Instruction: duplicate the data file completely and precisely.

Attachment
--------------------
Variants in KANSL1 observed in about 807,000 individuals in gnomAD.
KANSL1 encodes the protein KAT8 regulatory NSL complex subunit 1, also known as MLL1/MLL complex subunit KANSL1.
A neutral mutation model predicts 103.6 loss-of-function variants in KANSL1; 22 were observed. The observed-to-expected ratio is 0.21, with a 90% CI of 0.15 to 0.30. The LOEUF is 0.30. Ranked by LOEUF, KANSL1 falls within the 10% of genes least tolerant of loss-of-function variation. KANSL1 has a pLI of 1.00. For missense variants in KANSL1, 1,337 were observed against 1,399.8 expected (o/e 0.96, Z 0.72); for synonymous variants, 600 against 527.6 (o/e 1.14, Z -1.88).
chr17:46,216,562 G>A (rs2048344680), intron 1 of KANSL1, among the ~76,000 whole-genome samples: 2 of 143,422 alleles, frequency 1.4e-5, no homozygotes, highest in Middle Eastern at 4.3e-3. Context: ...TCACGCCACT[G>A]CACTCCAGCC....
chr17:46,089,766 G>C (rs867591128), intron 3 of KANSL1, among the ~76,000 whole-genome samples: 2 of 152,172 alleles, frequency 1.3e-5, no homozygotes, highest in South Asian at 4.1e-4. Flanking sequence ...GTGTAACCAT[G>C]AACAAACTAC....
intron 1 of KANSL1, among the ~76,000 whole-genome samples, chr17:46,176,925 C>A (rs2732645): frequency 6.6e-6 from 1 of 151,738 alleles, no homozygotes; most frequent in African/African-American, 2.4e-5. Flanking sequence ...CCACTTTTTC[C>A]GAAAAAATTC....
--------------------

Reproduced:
Variants in KANSL1 observed in about 807,000 individuals in gnomAD.
KANSL1 encodes the protein KAT8 regulatory NSL complex subunit 1, also known as MLL1/MLL complex subunit KANSL1.
A neutral mutation model predicts 103.6 loss-of-function variants in KANSL1; 22 were observed. The observed-to-expected ratio is 0.21, with a 90% CI of 0.15 to 0.30. The LOEUF is 0.30. Ranked by LOEUF, KANSL1 falls within the 10% of genes least tolerant of loss-of-function variation. KANSL1 has a pLI of 1.00. For missense variants in KANSL1, 1,337 were observed against 1,399.8 expected (o/e 0.96, Z 0.72); for synonymous variants, 600 against 527.6 (o/e 1.14, Z -1.88).
chr17:46,216,562 G>A (rs2048344680), intron 1 of KANSL1, among the ~76,000 whole-genome samples: 2 of 143,422 alleles, frequency 1.4e-5, no homozygotes, highest in Middle Eastern at 4.3e-3. Context: ...TCACGCCACT[G>A]CACTCCAGCC....
chr17:46,089,766 G>C (rs867591128), intron 3 of KANSL1, among the ~76,000 whole-genome samples: 2 of 152,172 alleles, frequency 1.3e-5, no homozygotes, highest in South Asian at 4.1e-4. Flanking sequence ...GTGTAACCAT[G>C]AACAAACTAC....
intron 1 of KANSL1, among the ~76,000 whole-genome samples, chr17:46,176,925 C>A (rs2732645): frequency 6.6e-6 from 1 of 151,738 alleles, no homozygotes; most frequent in African/African-American, 2.4e-5. Flanking sequence ...CCACTTTTTC[C>A]GAAAAAATTC....